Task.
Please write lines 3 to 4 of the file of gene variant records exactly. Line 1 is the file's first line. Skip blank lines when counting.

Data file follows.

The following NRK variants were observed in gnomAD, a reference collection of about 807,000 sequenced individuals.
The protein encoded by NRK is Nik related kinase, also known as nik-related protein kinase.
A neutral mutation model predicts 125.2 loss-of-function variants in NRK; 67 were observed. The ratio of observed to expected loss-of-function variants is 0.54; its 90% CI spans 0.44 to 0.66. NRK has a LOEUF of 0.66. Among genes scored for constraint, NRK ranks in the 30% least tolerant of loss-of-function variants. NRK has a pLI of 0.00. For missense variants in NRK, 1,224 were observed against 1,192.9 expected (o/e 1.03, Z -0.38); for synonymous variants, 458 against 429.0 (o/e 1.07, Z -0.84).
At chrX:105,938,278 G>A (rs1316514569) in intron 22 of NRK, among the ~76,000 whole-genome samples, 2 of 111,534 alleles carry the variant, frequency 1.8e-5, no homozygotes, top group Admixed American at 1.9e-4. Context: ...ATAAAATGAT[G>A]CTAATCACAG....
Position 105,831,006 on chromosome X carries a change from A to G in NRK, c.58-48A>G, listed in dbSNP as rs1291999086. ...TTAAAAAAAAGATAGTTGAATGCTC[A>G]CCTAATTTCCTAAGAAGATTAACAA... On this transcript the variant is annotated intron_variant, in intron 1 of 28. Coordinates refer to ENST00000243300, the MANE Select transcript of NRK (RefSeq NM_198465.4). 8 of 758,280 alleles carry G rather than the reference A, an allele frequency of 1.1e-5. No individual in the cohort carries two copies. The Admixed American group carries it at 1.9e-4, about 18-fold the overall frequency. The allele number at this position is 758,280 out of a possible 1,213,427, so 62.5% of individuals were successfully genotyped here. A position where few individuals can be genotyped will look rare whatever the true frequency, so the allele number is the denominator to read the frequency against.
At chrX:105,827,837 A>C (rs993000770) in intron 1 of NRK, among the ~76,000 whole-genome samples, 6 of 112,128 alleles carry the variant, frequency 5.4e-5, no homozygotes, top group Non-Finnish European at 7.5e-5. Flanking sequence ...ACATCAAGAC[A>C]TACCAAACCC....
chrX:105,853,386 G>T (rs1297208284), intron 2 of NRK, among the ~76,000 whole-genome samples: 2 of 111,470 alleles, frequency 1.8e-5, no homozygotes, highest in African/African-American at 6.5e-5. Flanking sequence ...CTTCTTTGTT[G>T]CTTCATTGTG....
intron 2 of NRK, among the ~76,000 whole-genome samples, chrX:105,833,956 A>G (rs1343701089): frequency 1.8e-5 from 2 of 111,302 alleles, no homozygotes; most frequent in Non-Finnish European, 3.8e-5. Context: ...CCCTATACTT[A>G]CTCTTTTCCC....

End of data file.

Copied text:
A neutral mutation model predicts 125.2 loss-of-function variants in NRK; 67 were observed. The ratio of observed to expected loss-of-function variants is 0.54; its 90% CI spans 0.44 to 0.66. NRK has a LOEUF of 0.66. Among genes scored for constraint, NRK ranks in the 30% least tolerant of loss-of-function variants. NRK has a pLI of 0.00. For missense variants in NRK, 1,224 were observed against 1,192.9 expected (o/e 1.03, Z -0.38); for synonymous variants, 458 against 429.0 (o/e 1.07, Z -0.84).
At chrX:105,938,278 G>A (rs1316514569) in intron 22 of NRK, among the ~76,000 whole-genome samples, 2 of 111,534 alleles carry the variant, frequency 1.8e-5, no homozygotes, top group Admixed American at 1.9e-4. Context: ...ATAAAATGAT[G>A]CTAATCACAG....